The Internet can be a wonderful reporting tool for journalists. Data that once was only found in paper documents can now often be accessed with the click of a mouse, and research that once took hours or days can be done in minutes.
But for every reputable website there are probably 100 that are full of information that's inaccurate, unreliable or worse. Here are eight ways to tell if a website is reliable.
1. Look for Sites from Established Institutions
The web is full of websites that were started five minutes ago. What you want are sites associated with trusted institutions that have been around for awhile and have a proven track record of reliability and integrity.
2. Look for Sites With Expertise
You wouldn't go to an auto mechanic if you broke your leg, and you wouldn't go to the hospital to have your car repaired. I'm making an obvious point: Look for websites that specialize in the kind of information you're seeking. So if you're writing a story on a flu outbreak, check out medical websites, and so on.
3. Steer Clear of Commercial Sites
Sites run by companies and business - their websites usually end in .com - are more often than not trying to sell you something. And if they're trying to sell you something, chances are whatever information they're presenting will be tilted in favor of their product.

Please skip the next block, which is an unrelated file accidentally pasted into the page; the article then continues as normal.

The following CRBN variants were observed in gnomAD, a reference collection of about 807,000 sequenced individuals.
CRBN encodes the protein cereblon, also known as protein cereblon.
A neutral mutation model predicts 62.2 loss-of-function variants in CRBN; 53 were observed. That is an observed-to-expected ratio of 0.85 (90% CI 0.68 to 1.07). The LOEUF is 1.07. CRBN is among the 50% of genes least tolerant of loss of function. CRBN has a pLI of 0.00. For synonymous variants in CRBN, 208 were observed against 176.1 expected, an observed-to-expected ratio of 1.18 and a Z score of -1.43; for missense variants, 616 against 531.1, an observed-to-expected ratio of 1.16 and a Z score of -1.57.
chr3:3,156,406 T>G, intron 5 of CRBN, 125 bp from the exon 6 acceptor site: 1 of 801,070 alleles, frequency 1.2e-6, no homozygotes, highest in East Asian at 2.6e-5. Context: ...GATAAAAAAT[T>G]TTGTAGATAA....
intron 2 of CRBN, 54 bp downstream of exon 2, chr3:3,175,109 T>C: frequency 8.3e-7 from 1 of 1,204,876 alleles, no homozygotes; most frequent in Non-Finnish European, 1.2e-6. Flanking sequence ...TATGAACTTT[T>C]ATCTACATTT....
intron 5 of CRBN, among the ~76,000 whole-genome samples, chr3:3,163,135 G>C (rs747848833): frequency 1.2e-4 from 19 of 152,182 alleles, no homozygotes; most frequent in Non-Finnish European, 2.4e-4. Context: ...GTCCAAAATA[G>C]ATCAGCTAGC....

4. Beware Bias
Reporters write a lot about politics, and there are plenty of political websites out there. But many of them are run by groups that have a bias in favor of one political party or philosophy. A conservative website isn't likely to report objectively on a liberal politician, and vice versa. Steer clear of sites with a political ax to grind and instead look for ones that are non-partisan.
5. Check the Date
As a reporter you need for the most up-to-date information available, so if a website seems old, it's probably best to steer clear. One way to check - look for a "last updated" date on the page or site.
6. Look at the Site's Look
If a site looks poorly designed and amateurish, chances are it was created by amateurs. Steer clear. But be careful - just because a website is professionally designed doesn't mean it's reliable.
7. Avoid Anonymous Authors
Articles or studies whose authors are named are often - though not always - more reliable than works produced anonymously. It makes sense: If someone is willing to put their name on something they've written, chance are they stand by the information it contains. And if you have the name of the author, you can always Google him or her to check their credentials.
8. Check the Links
Reputable websites often link to each other. See which sites the website you're on links to. Then go to Google and enter this in the search field:
This will show you which sites link to the one you're on. If lots of sites are linking to your site, and of those sites seem reputable, then that's a good sign.